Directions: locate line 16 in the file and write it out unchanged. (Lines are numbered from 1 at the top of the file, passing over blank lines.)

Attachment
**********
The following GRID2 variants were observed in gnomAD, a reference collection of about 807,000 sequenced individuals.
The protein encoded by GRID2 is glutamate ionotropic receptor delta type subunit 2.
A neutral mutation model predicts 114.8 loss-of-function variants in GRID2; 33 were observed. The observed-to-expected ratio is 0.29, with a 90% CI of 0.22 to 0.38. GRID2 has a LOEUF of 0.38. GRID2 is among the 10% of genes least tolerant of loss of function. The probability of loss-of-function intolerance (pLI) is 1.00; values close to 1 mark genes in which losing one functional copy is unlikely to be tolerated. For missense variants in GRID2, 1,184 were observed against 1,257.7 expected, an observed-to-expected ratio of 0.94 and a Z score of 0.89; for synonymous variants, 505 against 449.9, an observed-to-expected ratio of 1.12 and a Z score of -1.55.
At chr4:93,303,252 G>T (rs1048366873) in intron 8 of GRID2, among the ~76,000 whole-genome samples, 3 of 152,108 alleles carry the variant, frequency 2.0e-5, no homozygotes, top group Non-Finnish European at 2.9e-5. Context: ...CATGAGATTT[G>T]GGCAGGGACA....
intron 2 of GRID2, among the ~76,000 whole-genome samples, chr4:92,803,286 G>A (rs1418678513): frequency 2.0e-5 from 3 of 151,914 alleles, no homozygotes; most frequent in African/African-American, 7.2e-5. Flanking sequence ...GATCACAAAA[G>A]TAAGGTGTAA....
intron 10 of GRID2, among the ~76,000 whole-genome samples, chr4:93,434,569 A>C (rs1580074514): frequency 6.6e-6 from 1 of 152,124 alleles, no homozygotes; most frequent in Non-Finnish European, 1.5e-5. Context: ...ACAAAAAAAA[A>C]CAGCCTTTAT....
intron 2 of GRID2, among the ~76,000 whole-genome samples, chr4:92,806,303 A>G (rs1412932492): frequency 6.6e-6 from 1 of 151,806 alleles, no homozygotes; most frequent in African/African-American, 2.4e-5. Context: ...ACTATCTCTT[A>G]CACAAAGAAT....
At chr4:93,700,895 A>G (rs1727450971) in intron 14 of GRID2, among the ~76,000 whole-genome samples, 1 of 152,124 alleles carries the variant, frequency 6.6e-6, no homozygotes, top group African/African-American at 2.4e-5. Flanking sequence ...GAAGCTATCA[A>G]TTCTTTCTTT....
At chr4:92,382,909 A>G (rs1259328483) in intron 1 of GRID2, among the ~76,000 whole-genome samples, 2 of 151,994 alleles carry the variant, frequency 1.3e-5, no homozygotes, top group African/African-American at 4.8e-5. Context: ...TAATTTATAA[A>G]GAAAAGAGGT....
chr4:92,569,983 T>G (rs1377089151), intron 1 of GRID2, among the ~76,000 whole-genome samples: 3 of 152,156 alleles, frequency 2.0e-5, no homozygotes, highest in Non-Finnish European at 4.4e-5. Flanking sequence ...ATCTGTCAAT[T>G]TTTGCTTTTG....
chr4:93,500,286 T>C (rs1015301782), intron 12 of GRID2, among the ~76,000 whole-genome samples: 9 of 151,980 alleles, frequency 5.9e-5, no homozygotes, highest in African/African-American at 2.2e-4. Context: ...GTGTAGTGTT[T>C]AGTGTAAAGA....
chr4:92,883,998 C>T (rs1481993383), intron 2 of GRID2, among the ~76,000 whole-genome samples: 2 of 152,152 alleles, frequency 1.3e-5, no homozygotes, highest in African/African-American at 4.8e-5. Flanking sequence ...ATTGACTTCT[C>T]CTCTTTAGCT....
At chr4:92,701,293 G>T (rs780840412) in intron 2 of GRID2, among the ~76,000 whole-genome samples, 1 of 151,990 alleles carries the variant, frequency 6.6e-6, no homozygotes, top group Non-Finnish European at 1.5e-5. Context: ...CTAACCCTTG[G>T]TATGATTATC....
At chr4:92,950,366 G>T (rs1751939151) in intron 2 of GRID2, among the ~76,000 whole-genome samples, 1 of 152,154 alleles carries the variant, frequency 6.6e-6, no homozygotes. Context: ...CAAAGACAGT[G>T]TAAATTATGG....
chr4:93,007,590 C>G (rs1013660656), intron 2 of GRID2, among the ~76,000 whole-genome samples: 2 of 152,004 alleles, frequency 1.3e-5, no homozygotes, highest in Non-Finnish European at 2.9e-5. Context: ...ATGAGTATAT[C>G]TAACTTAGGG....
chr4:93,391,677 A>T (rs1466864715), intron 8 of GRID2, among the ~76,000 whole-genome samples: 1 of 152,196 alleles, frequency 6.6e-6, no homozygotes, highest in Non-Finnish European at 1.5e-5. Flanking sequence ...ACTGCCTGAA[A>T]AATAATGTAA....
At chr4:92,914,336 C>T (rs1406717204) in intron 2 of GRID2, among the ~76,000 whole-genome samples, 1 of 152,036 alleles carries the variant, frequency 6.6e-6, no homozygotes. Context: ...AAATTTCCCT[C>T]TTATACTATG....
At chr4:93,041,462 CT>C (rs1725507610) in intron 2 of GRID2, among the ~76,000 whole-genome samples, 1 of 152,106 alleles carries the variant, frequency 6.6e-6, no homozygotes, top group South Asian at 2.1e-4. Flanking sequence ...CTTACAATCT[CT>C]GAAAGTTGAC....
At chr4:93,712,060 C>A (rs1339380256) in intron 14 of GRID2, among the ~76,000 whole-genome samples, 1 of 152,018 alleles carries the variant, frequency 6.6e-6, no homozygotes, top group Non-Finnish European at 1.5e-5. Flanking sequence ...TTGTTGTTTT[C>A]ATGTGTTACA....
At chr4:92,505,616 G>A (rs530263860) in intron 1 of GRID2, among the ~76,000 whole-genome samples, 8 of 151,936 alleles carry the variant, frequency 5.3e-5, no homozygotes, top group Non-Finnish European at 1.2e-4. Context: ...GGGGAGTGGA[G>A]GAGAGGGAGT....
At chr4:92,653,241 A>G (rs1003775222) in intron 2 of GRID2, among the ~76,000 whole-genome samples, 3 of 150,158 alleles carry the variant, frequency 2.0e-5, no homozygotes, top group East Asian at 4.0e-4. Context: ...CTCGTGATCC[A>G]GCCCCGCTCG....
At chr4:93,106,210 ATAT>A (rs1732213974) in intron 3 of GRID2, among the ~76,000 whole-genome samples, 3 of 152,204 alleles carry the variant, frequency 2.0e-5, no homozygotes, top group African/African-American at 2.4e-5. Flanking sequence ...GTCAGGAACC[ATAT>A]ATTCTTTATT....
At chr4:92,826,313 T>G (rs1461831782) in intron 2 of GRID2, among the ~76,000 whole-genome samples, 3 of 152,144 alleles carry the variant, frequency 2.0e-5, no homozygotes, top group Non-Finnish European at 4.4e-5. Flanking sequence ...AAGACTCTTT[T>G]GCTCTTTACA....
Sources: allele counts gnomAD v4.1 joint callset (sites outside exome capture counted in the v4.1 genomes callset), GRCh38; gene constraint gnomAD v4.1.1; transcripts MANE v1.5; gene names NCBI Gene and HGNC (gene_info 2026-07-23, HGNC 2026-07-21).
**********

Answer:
chr4:93,391,677 A>T (rs1466864715), intron 8 of GRID2, among the ~76,000 whole-genome samples: 1 of 152,196 alleles, frequency 6.6e-6, no homozygotes, highest in Non-Finnish European at 1.5e-5. Flanking sequence ...ACTGCCTGAA[A>T]AATAATGTAA....